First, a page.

Punctuation Marks

I’m not going to lie. I can’t. My Mum raised me well. When I fell pregnant with Eva, I thought my life was over. Not in a “I’m going to die” kind of way (although sleep deprivation is used as a form of torture in some countries) but in a, “I’ll never do anything adventurous again” kind of way.
Then Matt (my gracious and wise husband) sat me down for one of our chats… As he is the king of abstract metaphorical thought, he simply but profoundly said, “Some people see having children as a full stop to their careers, savings or adventurous pursuits but we need to see having children as something that enhances our lives – like punctuation marks in a sentence.” Being an English Teacher, my ears perked up to this metaphor and I began to unpack the layers of meaning. It was true (well for punctuation anyway, I was still gestating a baby at this stage). Sentences would be pretty drab without punctuation marks. They would. Dont you think
This last 4+ years of conceiving, gestating, birthing (my fav part – not even lying), raising and developing a relationship with our children has certainly enhanced our lives. They are small but at oftentimes very significant marks on our complex, compound and on some days just regular simple sentences.
After being in three different countries, three different time zones (which we have found affects toddlers quite significantly) and three different beds over the past three days, my darling husband kindly reminded me this morning about the punctuation mark metaphor. I think his encouragement came shortly after I said something to the effect of, “What the hell are we doing here?”
We have made it to Ho Chi Minh City and our kids have been such amazing, little, resilient adventurers. Many times they have needed this ( ) – the necessary hug when they give you that look like, “Where are we and why do these people want to touch my blonde hair?” We have also dealt with a few of these ones |||| – a punctuational representation of queuing for almost any process at the three airports we have now encountered. There have mostly certainly been lots of these ? And, now that we are in Vietnam, we have heard a few of these !!! (For example: “Look at that man! He has no shoes on and he’s sweeping with a bunch of sticks!” “I don’t like the poo smell everywhere!” And, my personal favourite, which occurred in our very small hotel room tonight, “Be quiet you two!” – Eva to me and Matt who were clearly interrupting her beauty sleep).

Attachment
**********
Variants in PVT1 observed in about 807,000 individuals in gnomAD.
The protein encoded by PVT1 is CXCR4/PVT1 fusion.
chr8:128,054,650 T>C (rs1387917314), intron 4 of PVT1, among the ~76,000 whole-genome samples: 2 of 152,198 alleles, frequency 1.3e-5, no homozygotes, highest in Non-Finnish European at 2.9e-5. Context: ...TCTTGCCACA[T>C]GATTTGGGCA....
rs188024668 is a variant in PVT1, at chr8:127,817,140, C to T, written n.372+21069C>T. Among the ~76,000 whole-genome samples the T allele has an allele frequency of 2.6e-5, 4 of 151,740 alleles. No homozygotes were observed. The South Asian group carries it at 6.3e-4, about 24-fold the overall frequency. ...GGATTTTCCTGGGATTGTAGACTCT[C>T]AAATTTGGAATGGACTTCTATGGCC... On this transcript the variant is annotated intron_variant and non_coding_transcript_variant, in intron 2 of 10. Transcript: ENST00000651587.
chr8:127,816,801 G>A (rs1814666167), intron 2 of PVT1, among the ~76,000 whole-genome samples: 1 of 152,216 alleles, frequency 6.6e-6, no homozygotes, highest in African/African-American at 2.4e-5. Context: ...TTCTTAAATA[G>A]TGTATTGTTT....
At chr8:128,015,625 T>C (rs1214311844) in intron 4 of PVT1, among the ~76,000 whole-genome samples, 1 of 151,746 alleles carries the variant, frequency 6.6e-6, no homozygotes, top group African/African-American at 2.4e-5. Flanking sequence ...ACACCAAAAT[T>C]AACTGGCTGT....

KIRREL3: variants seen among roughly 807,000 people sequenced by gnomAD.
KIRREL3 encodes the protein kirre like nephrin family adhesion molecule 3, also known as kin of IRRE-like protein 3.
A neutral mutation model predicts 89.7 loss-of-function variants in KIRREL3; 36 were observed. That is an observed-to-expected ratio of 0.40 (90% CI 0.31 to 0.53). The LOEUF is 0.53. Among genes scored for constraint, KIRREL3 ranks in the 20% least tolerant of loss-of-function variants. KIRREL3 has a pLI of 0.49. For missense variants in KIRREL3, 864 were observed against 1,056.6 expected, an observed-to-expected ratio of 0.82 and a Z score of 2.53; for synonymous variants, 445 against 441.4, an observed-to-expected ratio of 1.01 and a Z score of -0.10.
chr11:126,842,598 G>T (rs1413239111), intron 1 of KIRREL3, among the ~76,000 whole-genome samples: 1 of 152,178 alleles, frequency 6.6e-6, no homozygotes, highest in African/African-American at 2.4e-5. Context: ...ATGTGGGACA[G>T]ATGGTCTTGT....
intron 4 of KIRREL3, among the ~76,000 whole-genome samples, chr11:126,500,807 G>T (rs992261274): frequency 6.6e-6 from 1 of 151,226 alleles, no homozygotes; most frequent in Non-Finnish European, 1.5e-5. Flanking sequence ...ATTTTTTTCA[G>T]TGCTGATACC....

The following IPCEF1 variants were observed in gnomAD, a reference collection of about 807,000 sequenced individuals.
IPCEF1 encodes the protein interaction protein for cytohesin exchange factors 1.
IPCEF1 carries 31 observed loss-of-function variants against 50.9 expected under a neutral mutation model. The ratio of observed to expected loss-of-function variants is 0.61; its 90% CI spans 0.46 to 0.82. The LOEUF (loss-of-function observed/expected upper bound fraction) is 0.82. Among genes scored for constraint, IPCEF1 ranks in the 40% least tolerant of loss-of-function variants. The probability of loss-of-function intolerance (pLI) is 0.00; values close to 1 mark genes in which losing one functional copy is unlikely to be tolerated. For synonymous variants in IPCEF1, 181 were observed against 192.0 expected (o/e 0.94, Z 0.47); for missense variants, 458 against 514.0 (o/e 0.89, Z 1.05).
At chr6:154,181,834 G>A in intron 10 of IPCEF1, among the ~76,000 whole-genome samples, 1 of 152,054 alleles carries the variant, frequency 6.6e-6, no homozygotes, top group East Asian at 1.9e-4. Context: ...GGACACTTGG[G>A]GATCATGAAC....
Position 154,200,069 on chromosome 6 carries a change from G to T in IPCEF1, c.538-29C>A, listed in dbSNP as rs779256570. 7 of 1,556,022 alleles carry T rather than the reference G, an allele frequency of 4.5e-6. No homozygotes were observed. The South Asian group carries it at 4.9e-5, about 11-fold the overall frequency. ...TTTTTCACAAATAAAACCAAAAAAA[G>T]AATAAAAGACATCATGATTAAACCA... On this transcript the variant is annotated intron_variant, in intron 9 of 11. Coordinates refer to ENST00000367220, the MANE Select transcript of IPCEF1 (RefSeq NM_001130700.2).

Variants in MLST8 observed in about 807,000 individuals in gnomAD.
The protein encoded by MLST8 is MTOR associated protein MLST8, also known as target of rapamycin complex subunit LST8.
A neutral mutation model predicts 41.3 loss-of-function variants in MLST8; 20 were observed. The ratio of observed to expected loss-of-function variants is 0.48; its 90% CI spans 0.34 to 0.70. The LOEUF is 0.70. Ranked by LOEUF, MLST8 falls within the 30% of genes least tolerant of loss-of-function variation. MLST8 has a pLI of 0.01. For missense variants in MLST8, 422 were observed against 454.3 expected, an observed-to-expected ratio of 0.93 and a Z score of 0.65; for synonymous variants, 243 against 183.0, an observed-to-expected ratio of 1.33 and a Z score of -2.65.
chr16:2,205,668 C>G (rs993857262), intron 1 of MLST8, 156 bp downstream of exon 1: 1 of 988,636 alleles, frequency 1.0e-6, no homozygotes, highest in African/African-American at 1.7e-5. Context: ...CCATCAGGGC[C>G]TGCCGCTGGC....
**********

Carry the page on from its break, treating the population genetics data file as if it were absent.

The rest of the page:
As I go to bed and hope for at least 5 hours of sleep (it’s improving an hour each night – I don’t have enough time to tell the story about how we had 3 hours of sleep on Sunday evening after I thought I’d thrown my prescription sunglasses into the wheelie bin…) I am so thankful for our two kids who have embarked on this crazy punctuation-filled adventure with us.
What’s the plan for tomorrow? Enjoying our kids. Enjoying this place. And continuing to eat amazing food.
TBH

3 thoughts on “Punctuation Marks

  1. When I was over in August, lovely June and I spent some time on family research.
    Four of of Matt’s great, great grandparents emigrated from Europe to Brisbane.
    The Dales left Scotland and travelled for three months at sea with their nine young children. Struggling sometimes with domestic arrangements, I can’t begin to imagine what that must have been like!
    The Kriesches left Prussia and suffered four horrific months on a ship riddled with typhoid and dysentry. More than forty passengers died and they lost their first baby. When they finally arrived in Brisbane, no accommodation was available, so in January heat, they began months of quarantine in tents.
    Neither couple ever had the luxury of popping back to their homelands to see family and friends, as I have. Their new world was one of unimaginable hardship as they survived life in the bush.
    Finding that out made me resolve to never complain about long haul travelling ever again. There have been some horrible journeys – the BA 37 hour epic with a 10 month old baby, the Malaysian Airline nightmare – two asthmatic children in the smoking section for 14 hours.
    And nowadays, the sheer bliss of just 25 hours with Singapore Airlines being fed and watered…marvellous! No hardship. Honest!
    Enjoy your adventure!

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  2. So jealous you’re travelling with your kids. And also not jealous, because ‘travelling with kids.” Ha! Seriously, loving the updates and that photo above is so good. Love xxx

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